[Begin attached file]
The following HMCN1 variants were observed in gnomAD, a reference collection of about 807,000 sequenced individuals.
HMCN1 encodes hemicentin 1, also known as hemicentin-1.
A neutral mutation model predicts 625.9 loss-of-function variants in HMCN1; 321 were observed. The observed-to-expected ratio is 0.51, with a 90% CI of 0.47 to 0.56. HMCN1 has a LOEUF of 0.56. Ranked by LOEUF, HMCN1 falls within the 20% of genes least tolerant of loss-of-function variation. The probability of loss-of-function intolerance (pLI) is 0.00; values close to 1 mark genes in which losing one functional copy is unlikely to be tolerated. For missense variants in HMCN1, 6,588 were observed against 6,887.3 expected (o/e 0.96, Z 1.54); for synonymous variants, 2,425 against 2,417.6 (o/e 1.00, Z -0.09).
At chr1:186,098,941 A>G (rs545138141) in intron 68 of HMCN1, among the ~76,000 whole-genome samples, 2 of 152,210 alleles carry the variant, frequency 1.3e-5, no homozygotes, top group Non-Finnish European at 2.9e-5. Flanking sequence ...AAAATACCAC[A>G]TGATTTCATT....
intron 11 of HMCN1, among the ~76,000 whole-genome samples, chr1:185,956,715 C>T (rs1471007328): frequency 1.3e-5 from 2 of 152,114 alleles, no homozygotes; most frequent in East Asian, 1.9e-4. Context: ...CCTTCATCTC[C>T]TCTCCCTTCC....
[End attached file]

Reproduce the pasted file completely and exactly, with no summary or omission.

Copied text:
The following HMCN1 variants were observed in gnomAD, a reference collection of about 807,000 sequenced individuals.
HMCN1 encodes hemicentin 1, also known as hemicentin-1.
A neutral mutation model predicts 625.9 loss-of-function variants in HMCN1; 321 were observed. The observed-to-expected ratio is 0.51, with a 90% CI of 0.47 to 0.56. HMCN1 has a LOEUF of 0.56. Ranked by LOEUF, HMCN1 falls within the 20% of genes least tolerant of loss-of-function variation. The probability of loss-of-function intolerance (pLI) is 0.00; values close to 1 mark genes in which losing one functional copy is unlikely to be tolerated. For missense variants in HMCN1, 6,588 were observed against 6,887.3 expected (o/e 0.96, Z 1.54); for synonymous variants, 2,425 against 2,417.6 (o/e 1.00, Z -0.09).
At chr1:186,098,941 A>G (rs545138141) in intron 68 of HMCN1, among the ~76,000 whole-genome samples, 2 of 152,210 alleles carry the variant, frequency 1.3e-5, no homozygotes, top group Non-Finnish European at 2.9e-5. Flanking sequence ...AAAATACCAC[A>G]TGATTTCATT....
intron 11 of HMCN1, among the ~76,000 whole-genome samples, chr1:185,956,715 C>T (rs1471007328): frequency 1.3e-5 from 2 of 152,114 alleles, no homozygotes; most frequent in East Asian, 1.9e-4. Context: ...CCTTCATCTC[C>T]TCTCCCTTCC....